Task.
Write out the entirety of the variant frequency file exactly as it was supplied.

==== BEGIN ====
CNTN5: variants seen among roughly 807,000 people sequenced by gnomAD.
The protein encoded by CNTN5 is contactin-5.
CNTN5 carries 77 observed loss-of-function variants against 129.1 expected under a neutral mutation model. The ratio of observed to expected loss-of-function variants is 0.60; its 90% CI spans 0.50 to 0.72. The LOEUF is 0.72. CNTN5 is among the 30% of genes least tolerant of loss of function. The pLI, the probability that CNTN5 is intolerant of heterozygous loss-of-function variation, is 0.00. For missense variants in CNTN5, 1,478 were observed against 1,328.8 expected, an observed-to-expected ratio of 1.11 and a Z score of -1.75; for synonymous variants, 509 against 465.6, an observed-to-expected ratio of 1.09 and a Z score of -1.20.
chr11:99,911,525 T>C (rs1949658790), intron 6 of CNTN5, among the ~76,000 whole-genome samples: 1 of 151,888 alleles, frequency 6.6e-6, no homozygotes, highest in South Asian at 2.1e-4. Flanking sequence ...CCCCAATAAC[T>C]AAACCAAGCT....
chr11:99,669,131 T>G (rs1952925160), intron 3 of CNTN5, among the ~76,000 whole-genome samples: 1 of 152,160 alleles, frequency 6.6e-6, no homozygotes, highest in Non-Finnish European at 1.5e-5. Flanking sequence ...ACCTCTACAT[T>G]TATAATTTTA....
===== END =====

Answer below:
CNTN5: variants seen among roughly 807,000 people sequenced by gnomAD.
The protein encoded by CNTN5 is contactin-5.
CNTN5 carries 77 observed loss-of-function variants against 129.1 expected under a neutral mutation model. The ratio of observed to expected loss-of-function variants is 0.60; its 90% CI spans 0.50 to 0.72. The LOEUF is 0.72. CNTN5 is among the 30% of genes least tolerant of loss of function. The pLI, the probability that CNTN5 is intolerant of heterozygous loss-of-function variation, is 0.00. For missense variants in CNTN5, 1,478 were observed against 1,328.8 expected, an observed-to-expected ratio of 1.11 and a Z score of -1.75; for synonymous variants, 509 against 465.6, an observed-to-expected ratio of 1.09 and a Z score of -1.20.
chr11:99,911,525 T>C (rs1949658790), intron 6 of CNTN5, among the ~76,000 whole-genome samples: 1 of 151,888 alleles, frequency 6.6e-6, no homozygotes, highest in South Asian at 2.1e-4. Flanking sequence ...CCCCAATAAC[T>C]AAACCAAGCT....
chr11:99,669,131 T>G (rs1952925160), intron 3 of CNTN5, among the ~76,000 whole-genome samples: 1 of 152,160 alleles, frequency 6.6e-6, no homozygotes, highest in Non-Finnish European at 1.5e-5. Flanking sequence ...ACCTCTACAT[T>G]TATAATTTTA....